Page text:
BT's 2.3 million landline-only customers are set to enjoy a price cut of at least £5/month under plans outlined by the regulator.
Ofcom has reviewed the whole landline-only market and says such customers – who are often elderly or vulnerable and seldom switch providers – are getting "poor value for money in a market that is not serving them well enough".
They have also been particularly hard-hit by price hikes in telephone line rental in recent years despite falling wholesale costs, Ofcom added, with major providers increasing line rental charges by between 25% and 49% in real terms.
Under Ofcom's plans BT landline-only customers, who currently pay £18.99/month for line rental, would pay no more than £13.99/month – a reduction of at least 26%, and a saving of at least £60/year.
However, the regulator is currently consulting on the extent of the discount it will impose, and says that while it will be "at least" £5/month, it could be as much as £7/month.
An Ofcom spokesperson told MoneySavingExpert.com it had focused on BT because the telecoms giant supplies about 80% of the UK's 2.9 million landline-only customers.
A final decision on whether to cut bills and by how much will be announced towards the end of 2017, meaning the price cut itself may not come until 2018.
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Who will benefit?
Landline-only customers are those who buy only a landline service from a provider – either because they don't want broadband or pay TV, or because they have bought those services from a rival provider.
If Ofcom's proposed price cut goes ahead, only landline-only customers who buy their landline services directly from BT will benefit.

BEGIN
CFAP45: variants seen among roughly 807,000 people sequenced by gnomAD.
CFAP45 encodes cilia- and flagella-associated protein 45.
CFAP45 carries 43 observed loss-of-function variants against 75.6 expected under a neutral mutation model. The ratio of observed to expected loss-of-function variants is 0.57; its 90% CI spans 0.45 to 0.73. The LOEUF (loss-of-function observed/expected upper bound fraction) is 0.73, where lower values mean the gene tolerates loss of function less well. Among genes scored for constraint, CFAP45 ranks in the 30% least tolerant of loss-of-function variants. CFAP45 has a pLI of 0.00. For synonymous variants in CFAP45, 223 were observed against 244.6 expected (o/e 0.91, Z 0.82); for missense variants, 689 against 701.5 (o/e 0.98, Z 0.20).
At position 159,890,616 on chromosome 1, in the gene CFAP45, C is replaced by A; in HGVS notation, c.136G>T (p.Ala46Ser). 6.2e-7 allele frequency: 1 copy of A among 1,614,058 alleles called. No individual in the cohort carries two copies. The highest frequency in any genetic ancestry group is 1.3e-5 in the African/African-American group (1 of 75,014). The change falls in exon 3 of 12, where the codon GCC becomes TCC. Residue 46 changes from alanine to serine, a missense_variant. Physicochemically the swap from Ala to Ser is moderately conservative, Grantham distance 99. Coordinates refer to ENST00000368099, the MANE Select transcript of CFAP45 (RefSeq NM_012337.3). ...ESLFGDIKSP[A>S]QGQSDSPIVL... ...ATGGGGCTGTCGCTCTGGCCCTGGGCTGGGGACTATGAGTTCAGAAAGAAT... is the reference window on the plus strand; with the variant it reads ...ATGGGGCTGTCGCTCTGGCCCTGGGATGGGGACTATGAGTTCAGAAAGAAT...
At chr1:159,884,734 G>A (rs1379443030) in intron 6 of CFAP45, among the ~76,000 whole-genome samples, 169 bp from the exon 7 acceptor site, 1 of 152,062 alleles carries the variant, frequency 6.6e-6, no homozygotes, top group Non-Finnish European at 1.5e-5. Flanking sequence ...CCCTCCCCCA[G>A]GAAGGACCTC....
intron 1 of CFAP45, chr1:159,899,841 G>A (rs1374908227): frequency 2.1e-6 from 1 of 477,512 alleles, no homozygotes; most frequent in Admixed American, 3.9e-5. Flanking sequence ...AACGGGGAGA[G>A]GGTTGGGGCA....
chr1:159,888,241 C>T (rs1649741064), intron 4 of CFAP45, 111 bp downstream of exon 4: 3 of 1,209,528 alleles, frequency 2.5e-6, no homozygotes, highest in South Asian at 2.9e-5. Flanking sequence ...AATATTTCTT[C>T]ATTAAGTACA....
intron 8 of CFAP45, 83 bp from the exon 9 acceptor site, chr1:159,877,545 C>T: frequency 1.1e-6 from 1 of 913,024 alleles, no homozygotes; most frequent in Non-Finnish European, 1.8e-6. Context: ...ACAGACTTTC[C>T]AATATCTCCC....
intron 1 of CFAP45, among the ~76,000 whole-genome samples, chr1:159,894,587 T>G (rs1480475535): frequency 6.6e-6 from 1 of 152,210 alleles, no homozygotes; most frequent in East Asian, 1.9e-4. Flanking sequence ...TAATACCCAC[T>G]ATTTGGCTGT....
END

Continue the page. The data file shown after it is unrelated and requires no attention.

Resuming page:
Those whose landlines simply run on BT technology but are rented from other providers (such as Plusnet customers) WON'T be affected – though Ofcom told us that if it cuts BT's prices it expects other providers to follow suit.
Why is Ofcom looking at the landline-only market?
The regulator says it's concerned about "rapidly rising" prices for landline-only services, which have hit customers' pockets despite falling wholesale costs in recent years.
Ofcom believes these customers may be missing out because cheaper deals are targeted at those buying bundles of phone, broadband and/or pay-TV services.
Can I respond to Ofcom's consultation?
What does BT say?
A BT spokesperson said: "We will respond to Ofcom's consultation fully when we have considered the detail. We take our responsibilities in this area very seriously and, unlike other companies, have many customers on special tariffs for socially excluded or vulnerable customers, including BT Basic, which still costs just £5.10 a month for line rental and calls, and Home Phone Saver.
"Recently, we have frozen the cost of line rental for all of our customers who take a BT phone line. We have also been improving the service we provide and customers have benefitted from our multi-million pound investments in a faster fault repair service, the launch of our free nuisance calls prevention service BT Call Protect and bringing call centre work back from India to the UK."
What does Ofcom say?
Ofcom chief executive Sharon White said: "Line rental has been going up, even as providers' costs come down. This hurts people who rely on their landline the most, and are less likely to shop around for a better deal. We think that's unacceptable.
"So we plan to cut BT's charge for customers who take only a landline, to ensure that vulnerable customers get the value they deserve."